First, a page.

April 25, 2006
Public Space Morality
Do you know that Islam Hadhari is going to be (or is already) the basis for Malaysia to move forward in all levels of development? Yes, socio-economic development.
Let's investigate two ways I could respond to this:
1) First, I could practise verstehen (read: German for understand), or putting myself into their shoes. Islam is a holistic religion, that basically sees the religion as central to how one views the world. In fact, it is no more a religion than it is a 'state of being', since the word Muslim really means 'one who subjects himself to the will of God'. So, anything under the span of the heavens that is under the comprehensive authority of God, is basically Islamic in nature. It matters not whether a label is specifically placed. A person who helps someone altruistically is practising an Islamic act. As a Christian, I understand this exact way of thinking. I would say the same, that a generous and selfless act is in fact Christian in nature.
When you therefore are able to extract the morals away from theology of every religion, yes indeed religions do seem to preach the same teachings. Do good, be kind and gentle, forgiving to all, advocate social justice. This is the public space morality, the public sphere where commonalities can be addressed adequately – for the sake of society's good.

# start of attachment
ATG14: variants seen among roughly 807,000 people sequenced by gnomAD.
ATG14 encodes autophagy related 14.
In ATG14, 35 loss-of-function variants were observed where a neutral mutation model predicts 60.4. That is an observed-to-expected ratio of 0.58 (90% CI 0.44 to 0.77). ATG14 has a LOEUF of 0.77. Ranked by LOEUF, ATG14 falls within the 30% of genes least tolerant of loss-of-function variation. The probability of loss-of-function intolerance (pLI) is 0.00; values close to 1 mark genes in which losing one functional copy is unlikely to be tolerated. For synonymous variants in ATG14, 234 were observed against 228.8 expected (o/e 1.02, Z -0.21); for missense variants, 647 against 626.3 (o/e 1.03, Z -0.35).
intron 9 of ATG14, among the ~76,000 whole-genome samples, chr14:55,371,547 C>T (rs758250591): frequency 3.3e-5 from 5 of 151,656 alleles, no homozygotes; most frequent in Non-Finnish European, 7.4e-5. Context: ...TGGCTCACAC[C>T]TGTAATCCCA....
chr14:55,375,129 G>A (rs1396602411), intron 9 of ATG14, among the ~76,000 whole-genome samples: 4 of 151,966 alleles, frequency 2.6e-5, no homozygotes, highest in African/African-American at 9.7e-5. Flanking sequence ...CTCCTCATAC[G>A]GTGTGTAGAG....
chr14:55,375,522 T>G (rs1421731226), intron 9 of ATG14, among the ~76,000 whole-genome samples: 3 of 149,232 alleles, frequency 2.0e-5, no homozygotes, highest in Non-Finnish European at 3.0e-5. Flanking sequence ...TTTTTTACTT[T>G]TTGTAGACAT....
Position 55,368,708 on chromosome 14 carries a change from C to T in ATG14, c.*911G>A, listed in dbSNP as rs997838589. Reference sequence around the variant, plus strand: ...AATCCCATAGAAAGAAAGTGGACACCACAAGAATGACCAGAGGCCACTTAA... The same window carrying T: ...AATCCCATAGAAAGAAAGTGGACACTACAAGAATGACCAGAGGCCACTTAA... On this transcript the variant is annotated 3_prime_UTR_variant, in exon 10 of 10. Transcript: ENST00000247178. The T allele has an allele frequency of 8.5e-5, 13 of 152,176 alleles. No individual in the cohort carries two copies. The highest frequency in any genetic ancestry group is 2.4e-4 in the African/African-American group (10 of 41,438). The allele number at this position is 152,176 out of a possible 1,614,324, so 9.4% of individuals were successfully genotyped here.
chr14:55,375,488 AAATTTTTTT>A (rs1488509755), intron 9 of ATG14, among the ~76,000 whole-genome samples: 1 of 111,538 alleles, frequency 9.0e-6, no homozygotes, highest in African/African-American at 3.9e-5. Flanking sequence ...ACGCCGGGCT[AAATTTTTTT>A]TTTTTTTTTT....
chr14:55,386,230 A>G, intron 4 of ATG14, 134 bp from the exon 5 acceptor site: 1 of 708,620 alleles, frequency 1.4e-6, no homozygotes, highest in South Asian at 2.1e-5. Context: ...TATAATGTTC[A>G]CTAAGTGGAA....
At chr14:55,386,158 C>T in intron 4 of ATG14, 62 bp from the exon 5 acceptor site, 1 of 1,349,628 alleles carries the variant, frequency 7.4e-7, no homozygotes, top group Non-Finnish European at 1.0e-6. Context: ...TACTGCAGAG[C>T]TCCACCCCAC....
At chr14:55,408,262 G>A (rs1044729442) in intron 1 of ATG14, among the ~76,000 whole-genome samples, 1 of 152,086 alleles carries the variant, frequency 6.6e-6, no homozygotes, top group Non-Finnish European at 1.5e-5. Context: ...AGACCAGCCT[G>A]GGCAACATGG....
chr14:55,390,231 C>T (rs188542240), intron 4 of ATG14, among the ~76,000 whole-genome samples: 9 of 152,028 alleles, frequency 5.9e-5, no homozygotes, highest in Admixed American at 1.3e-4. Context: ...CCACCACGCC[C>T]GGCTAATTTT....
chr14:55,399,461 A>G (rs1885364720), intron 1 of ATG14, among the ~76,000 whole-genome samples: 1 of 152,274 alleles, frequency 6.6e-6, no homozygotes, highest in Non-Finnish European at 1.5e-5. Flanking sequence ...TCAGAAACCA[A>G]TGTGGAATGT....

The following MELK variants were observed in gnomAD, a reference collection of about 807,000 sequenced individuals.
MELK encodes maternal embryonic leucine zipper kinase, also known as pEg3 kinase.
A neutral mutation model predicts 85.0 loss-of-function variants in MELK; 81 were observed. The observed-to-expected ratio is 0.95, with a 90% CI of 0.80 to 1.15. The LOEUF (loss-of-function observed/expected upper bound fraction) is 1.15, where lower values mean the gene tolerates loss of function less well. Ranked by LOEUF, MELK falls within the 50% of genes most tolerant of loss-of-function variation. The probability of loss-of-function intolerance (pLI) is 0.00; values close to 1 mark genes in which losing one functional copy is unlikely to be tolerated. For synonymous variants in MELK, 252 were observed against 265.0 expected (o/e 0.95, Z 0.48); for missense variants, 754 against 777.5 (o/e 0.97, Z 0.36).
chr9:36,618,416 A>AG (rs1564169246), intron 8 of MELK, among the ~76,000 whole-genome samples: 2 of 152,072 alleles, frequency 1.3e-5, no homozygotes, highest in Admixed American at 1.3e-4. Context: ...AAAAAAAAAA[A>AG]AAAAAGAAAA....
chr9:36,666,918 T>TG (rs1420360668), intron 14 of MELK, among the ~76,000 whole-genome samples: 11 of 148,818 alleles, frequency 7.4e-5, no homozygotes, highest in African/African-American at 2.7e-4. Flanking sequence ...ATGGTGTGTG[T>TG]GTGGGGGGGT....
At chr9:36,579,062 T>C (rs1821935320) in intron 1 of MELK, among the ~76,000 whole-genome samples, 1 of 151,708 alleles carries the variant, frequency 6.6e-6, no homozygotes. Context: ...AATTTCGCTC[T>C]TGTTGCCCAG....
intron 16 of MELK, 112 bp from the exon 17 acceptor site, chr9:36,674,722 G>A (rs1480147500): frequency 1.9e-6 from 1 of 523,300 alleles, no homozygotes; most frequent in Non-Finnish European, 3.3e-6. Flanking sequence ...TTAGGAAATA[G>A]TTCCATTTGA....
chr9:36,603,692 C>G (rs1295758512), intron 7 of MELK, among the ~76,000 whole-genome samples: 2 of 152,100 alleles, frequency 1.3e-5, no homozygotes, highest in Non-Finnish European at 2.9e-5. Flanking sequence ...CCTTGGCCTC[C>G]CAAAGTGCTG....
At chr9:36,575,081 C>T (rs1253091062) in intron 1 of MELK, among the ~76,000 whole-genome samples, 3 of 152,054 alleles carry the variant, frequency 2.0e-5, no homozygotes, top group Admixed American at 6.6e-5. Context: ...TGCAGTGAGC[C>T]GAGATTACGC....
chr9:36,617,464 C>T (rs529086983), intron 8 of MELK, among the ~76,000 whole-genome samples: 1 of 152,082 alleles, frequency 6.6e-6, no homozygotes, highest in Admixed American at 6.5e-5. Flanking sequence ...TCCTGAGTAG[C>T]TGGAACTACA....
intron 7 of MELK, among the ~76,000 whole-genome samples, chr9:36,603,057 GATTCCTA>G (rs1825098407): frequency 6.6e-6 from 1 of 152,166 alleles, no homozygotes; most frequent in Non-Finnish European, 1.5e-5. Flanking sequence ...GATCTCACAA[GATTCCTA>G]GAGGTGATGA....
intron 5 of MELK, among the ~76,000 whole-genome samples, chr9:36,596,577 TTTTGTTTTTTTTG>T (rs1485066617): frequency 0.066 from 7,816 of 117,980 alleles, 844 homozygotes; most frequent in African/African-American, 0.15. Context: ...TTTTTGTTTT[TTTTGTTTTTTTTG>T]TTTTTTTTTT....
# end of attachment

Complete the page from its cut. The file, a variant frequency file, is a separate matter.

However, things aren't usually so black-and-white. Hence, response no. 2…
2) It is all well and good if all religions can really agree upon the public space morality. However, I do think this is only possible in terms of the spirit of the law, not the letter of the law. In other words, we can conceptually agree upon what is good and bad. We can agree that intention to do evil is unilaterally a no-no. But the problem comes about when we talk about the daily practice of it. I am fearful that when there exists a contradiction on the definition of decency of dressing, behaviour and language, one religion's moral values might override another's. No guessing whose.
As I responded recently to my own posting, it seems nothing will change if one party remains inward looking. They too ought to look into Max Weber's verstehen to comprehend that to a non-Muslim, even widely practised common Islamic moral values seem preposterous if imposed upon one.
I personally agree with most of the Islamic (Hadhari) moral precepts (theoretically: belief in God, a just and trustworthy government, etc). But how about atheists and agnostics? What sort of public space morality is available to them, that which is congruent with Islam?
Then I would have to go into a thorough study of the beginnings of Morality and Ethics: Kant and the like… How laborious! *grin*
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